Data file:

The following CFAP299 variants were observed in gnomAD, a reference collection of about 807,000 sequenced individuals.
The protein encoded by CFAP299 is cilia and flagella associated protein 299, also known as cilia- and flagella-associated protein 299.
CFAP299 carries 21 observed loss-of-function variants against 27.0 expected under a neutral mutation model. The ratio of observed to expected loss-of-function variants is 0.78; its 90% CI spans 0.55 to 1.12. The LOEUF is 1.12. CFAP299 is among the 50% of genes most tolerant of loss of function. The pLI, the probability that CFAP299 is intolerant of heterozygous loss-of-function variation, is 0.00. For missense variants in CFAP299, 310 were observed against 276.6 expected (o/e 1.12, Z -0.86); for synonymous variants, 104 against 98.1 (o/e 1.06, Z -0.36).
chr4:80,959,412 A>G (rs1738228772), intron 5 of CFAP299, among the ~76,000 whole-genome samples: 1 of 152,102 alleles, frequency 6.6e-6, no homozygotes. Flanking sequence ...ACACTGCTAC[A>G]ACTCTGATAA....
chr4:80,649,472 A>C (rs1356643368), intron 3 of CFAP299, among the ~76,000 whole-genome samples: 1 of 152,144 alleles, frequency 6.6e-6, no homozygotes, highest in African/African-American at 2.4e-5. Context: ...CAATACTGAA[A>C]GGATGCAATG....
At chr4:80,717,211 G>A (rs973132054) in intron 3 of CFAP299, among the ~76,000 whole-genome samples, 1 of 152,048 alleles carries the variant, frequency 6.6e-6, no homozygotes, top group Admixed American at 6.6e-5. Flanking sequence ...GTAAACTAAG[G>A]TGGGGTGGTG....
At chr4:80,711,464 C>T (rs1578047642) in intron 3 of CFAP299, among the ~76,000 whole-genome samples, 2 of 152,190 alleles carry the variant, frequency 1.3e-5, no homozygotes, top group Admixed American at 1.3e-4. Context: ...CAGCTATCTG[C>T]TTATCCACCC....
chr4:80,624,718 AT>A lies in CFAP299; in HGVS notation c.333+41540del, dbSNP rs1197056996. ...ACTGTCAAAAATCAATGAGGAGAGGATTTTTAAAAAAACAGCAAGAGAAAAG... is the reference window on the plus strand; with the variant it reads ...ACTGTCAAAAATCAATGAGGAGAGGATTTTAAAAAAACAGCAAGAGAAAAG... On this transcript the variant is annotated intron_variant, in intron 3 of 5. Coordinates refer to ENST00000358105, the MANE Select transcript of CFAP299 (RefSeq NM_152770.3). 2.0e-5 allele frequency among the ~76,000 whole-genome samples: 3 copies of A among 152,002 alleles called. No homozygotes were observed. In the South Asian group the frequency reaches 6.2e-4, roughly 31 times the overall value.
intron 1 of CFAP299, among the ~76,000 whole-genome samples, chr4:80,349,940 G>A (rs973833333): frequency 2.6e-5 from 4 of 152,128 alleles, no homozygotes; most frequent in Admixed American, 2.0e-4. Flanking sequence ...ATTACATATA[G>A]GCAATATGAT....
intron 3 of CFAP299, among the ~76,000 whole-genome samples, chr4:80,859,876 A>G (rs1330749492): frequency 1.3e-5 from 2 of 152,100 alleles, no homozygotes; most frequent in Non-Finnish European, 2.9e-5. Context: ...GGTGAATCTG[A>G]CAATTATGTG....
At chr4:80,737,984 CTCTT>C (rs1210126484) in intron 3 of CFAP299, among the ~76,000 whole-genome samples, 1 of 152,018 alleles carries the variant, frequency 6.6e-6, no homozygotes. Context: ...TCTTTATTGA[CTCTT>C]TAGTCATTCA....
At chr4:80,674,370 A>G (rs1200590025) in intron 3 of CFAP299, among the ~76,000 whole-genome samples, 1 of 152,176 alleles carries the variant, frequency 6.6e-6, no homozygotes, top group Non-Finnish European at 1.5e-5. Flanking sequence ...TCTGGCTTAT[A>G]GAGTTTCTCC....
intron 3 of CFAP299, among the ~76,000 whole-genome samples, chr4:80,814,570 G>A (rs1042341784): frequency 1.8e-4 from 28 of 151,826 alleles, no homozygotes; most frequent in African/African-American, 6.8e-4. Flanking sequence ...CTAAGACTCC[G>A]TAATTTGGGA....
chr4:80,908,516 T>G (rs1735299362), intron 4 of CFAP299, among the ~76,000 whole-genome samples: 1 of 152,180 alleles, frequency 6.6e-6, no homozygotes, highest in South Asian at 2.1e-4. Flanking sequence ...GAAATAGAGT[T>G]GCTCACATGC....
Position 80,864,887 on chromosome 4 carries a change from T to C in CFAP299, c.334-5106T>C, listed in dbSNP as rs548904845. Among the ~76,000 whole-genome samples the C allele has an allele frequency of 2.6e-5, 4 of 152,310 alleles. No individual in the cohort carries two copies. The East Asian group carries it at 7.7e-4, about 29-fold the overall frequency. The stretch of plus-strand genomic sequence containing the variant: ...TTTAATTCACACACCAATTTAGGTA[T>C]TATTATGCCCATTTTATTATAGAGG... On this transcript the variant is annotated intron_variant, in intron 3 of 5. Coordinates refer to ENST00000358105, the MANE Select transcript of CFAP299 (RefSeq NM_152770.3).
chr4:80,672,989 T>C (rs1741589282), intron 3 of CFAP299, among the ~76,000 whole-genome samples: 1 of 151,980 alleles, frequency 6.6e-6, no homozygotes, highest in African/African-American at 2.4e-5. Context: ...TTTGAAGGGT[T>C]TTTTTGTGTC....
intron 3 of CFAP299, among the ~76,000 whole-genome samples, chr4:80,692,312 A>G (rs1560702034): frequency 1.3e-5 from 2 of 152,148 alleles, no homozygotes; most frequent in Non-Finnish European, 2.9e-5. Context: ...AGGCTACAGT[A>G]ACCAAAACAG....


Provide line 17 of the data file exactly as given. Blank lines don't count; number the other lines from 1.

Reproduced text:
intron 3 of CFAP299, among the ~76,000 whole-genome samples, chr4:80,692,312 A>G (rs1560702034): frequency 1.3e-5 from 2 of 152,148 alleles, no homozygotes; most frequent in Non-Finnish European, 2.9e-5. Context: ...AGGCTACAGT[A>G]ACCAAAACAG....